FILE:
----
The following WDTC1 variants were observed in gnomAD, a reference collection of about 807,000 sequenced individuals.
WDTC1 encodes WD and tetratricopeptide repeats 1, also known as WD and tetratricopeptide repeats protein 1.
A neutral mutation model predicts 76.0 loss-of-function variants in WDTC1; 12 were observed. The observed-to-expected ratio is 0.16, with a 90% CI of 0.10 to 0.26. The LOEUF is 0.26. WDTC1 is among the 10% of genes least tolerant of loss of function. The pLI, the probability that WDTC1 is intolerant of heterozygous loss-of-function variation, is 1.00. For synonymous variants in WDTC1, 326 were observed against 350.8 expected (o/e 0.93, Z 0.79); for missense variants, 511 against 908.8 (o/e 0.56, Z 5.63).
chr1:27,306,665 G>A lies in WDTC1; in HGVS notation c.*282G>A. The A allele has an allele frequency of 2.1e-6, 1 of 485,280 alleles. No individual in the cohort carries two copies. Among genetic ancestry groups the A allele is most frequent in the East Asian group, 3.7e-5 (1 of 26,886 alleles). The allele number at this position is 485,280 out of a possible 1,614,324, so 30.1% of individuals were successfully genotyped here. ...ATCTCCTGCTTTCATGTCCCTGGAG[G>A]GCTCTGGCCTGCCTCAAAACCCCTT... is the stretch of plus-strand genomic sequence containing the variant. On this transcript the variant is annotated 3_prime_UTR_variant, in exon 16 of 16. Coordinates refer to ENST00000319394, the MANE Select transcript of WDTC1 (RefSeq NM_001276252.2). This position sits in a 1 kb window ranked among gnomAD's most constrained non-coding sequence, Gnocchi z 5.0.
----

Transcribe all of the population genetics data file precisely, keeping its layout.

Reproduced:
The following WDTC1 variants were observed in gnomAD, a reference collection of about 807,000 sequenced individuals.
WDTC1 encodes WD and tetratricopeptide repeats 1, also known as WD and tetratricopeptide repeats protein 1.
A neutral mutation model predicts 76.0 loss-of-function variants in WDTC1; 12 were observed. The observed-to-expected ratio is 0.16, with a 90% CI of 0.10 to 0.26. The LOEUF is 0.26. WDTC1 is among the 10% of genes least tolerant of loss of function. The pLI, the probability that WDTC1 is intolerant of heterozygous loss-of-function variation, is 1.00. For synonymous variants in WDTC1, 326 were observed against 350.8 expected (o/e 0.93, Z 0.79); for missense variants, 511 against 908.8 (o/e 0.56, Z 5.63).
chr1:27,306,665 G>A lies in WDTC1; in HGVS notation c.*282G>A. The A allele has an allele frequency of 2.1e-6, 1 of 485,280 alleles. No individual in the cohort carries two copies. Among genetic ancestry groups the A allele is most frequent in the East Asian group, 3.7e-5 (1 of 26,886 alleles). The allele number at this position is 485,280 out of a possible 1,614,324, so 30.1% of individuals were successfully genotyped here. ...ATCTCCTGCTTTCATGTCCCTGGAG[G>A]GCTCTGGCCTGCCTCAAAACCCCTT... is the stretch of plus-strand genomic sequence containing the variant. On this transcript the variant is annotated 3_prime_UTR_variant, in exon 16 of 16. Coordinates refer to ENST00000319394, the MANE Select transcript of WDTC1 (RefSeq NM_001276252.2). This position sits in a 1 kb window ranked among gnomAD's most constrained non-coding sequence, Gnocchi z 5.0.